Using the volatile keyword will not make your code thread-safe in this example. The volatile keyword is typically used to ensure that when reading or writing the value of a variable (i.e. class field) that the latest value for that variable is either read from main memory or written straight to main memory, rather than read from cache (e.g. a CPU register) for example. The volatile keyword is a way of saying "do not use caching optimizations with this shared field", and removes the issue where threads may use local copies of a field and so not see each other's updates.
In your case the value of myclass is not actually being updated (i.e. you are not re-assigning myclass) so volatile is not useful for you, and it is not the update of the myclass variable you actually want to make thread-safe in this case anyway.
If you wish to make updating of the actual class thread-safe, then using a "lock" around "Add" and "Clear" is a straight-forward alternative. This will ensure that only one thread at a time can do these operations (which update the internal state of myclass) and so should not be done in parallel.
A lock can be used as follows:
private readonly object syncObj = new object();
private readonly myclass = new myclass();
You also need to add locking around any code that reads the state that is being updated by "Add", if that is the case although it does not appear in your example code.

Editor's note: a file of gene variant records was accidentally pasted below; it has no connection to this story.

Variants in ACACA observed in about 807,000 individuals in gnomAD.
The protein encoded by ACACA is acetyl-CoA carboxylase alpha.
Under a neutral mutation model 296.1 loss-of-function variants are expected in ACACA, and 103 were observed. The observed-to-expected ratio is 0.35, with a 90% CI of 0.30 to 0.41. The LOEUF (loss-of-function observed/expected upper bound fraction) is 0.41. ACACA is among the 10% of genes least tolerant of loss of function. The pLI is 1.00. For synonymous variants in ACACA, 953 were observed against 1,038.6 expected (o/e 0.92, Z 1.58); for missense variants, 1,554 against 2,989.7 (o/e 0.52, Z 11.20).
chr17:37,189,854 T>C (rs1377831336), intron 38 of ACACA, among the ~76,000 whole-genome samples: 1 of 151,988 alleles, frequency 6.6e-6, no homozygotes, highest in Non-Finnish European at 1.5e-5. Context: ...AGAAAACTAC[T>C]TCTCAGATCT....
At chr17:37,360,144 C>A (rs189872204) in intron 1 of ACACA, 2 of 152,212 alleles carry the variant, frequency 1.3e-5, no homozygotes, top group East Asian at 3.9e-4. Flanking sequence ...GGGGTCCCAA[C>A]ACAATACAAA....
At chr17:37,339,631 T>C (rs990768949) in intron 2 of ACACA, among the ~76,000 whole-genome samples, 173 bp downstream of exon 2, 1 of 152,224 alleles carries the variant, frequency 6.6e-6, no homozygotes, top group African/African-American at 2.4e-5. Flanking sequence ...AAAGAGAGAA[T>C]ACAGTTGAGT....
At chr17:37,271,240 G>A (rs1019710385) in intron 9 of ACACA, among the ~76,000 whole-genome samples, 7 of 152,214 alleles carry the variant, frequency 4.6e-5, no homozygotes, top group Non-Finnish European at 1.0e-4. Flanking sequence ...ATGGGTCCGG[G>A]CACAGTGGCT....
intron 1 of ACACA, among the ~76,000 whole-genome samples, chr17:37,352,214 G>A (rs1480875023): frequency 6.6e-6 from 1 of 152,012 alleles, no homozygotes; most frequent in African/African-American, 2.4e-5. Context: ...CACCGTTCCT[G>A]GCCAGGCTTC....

It may not be obvious when first writing multi-threaded code why you would need a lock when adding to a collection. If we take List or ArrayList as an example, then the problem arises as internally these collections use an Array as a backing store, and will dynamically "grow" this Array (i.e. by creating a new larger Array and copying the old contents) as certain capacities are met when Add is called. This all happens internally and requires the maintenance of this Array and variables such as what current size the collection is (rather than the Length of the actual array which might be larger). So Adding to the collection may involve multiple steps if the internal Array needs to grow. When using multiple threads in an unsafe manner, multiple threads may indirectly cause growing to happen when Adding, and thus trample all over each others updates. As well as the issue of multiple threads Adding at the same time, there is also the issue that another thread may be trying to read the collection whilst the internal state is being changed. Using locks ensures that operations like these are done without interference from other threads.